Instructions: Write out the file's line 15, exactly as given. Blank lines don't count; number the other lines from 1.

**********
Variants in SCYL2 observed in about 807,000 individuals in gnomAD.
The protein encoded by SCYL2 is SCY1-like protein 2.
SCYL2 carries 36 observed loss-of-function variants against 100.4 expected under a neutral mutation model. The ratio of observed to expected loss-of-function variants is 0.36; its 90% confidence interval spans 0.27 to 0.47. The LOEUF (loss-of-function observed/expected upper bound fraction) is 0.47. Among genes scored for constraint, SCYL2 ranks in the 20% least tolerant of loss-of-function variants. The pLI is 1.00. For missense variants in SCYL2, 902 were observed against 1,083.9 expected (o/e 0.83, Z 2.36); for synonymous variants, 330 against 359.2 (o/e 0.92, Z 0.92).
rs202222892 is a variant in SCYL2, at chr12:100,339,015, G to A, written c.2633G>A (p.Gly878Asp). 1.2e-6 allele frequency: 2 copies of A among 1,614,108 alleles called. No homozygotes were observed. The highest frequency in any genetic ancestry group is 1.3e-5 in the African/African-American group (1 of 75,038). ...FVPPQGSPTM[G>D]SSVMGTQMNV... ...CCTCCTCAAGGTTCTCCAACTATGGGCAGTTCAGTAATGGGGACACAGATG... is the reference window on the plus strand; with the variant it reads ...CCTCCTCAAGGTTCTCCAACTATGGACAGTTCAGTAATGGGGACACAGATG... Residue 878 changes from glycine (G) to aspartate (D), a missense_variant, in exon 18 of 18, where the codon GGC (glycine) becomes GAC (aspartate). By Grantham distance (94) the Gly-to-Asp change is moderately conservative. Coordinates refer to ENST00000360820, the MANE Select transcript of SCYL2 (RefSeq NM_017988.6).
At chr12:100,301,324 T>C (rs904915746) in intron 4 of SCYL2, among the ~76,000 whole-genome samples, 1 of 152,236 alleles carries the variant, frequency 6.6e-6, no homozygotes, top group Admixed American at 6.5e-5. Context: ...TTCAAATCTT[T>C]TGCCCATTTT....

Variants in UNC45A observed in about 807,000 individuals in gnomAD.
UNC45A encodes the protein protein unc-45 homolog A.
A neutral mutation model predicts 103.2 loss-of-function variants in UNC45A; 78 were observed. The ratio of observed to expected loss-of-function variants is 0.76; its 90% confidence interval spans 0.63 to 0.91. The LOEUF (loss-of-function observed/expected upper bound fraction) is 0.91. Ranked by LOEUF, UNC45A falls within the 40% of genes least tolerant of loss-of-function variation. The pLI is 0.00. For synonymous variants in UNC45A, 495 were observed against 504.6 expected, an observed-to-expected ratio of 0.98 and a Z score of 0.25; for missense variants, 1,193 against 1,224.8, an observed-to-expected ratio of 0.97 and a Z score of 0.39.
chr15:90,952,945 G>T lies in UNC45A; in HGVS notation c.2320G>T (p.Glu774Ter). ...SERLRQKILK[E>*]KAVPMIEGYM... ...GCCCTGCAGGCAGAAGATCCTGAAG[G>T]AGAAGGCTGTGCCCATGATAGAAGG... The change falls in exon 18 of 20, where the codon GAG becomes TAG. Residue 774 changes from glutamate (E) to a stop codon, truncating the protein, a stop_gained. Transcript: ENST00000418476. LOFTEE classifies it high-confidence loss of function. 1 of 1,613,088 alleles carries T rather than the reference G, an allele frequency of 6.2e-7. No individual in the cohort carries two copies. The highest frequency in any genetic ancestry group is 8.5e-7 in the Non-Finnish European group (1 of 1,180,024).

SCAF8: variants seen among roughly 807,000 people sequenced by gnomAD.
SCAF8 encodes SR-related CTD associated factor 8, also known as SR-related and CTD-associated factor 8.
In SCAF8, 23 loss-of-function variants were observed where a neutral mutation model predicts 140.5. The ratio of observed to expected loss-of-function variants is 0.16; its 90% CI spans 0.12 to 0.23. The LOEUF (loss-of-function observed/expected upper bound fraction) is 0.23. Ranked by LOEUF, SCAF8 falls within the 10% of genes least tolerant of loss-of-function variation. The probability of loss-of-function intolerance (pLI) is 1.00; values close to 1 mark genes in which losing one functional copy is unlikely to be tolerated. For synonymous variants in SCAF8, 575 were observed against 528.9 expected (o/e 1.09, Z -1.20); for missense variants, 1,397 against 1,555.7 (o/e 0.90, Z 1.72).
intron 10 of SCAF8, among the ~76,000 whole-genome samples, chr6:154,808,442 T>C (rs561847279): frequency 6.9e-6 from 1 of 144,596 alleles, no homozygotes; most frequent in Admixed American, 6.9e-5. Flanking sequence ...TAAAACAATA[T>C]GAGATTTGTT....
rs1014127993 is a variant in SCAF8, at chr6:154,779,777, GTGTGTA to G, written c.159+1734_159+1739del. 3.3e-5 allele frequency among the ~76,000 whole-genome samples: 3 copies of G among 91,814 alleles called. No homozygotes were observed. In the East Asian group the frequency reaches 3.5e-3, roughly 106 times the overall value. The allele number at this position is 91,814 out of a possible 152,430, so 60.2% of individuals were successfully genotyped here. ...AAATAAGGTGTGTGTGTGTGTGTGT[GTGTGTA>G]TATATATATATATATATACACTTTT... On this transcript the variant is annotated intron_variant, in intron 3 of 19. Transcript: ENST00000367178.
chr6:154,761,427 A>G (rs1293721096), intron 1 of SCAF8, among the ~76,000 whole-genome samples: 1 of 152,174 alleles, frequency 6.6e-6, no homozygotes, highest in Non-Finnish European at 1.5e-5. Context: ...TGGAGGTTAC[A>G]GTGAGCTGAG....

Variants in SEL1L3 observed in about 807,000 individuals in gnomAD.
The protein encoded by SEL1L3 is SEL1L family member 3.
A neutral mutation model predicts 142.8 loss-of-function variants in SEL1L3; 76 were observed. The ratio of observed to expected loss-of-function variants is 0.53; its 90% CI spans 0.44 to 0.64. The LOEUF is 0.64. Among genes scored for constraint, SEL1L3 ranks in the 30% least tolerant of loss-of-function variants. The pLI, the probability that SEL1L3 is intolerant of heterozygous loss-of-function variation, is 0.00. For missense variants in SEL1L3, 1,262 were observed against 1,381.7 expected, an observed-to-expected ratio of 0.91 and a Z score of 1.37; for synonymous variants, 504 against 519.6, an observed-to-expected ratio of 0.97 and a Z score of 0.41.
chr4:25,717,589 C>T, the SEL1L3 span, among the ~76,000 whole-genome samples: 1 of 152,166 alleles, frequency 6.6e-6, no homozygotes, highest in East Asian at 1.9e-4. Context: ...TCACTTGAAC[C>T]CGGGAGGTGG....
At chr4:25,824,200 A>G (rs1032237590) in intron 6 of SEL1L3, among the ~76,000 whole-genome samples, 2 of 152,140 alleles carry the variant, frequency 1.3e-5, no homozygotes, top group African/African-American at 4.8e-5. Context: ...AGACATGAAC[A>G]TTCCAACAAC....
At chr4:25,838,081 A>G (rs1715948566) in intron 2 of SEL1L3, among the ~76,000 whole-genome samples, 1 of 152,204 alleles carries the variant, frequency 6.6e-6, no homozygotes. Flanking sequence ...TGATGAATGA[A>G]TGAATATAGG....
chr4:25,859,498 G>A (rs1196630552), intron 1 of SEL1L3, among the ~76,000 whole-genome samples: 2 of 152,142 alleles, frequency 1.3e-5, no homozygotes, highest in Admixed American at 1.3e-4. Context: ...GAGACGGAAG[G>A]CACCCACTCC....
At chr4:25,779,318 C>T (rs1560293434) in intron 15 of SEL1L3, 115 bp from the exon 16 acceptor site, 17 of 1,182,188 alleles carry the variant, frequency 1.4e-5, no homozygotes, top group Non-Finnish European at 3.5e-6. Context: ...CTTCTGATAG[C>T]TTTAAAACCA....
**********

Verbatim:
chr6:154,761,427 A>G (rs1293721096), intron 1 of SCAF8, among the ~76,000 whole-genome samples: 1 of 152,174 alleles, frequency 6.6e-6, no homozygotes, highest in Non-Finnish European at 1.5e-5. Context: ...TGGAGGTTAC[A>G]GTGAGCTGAG....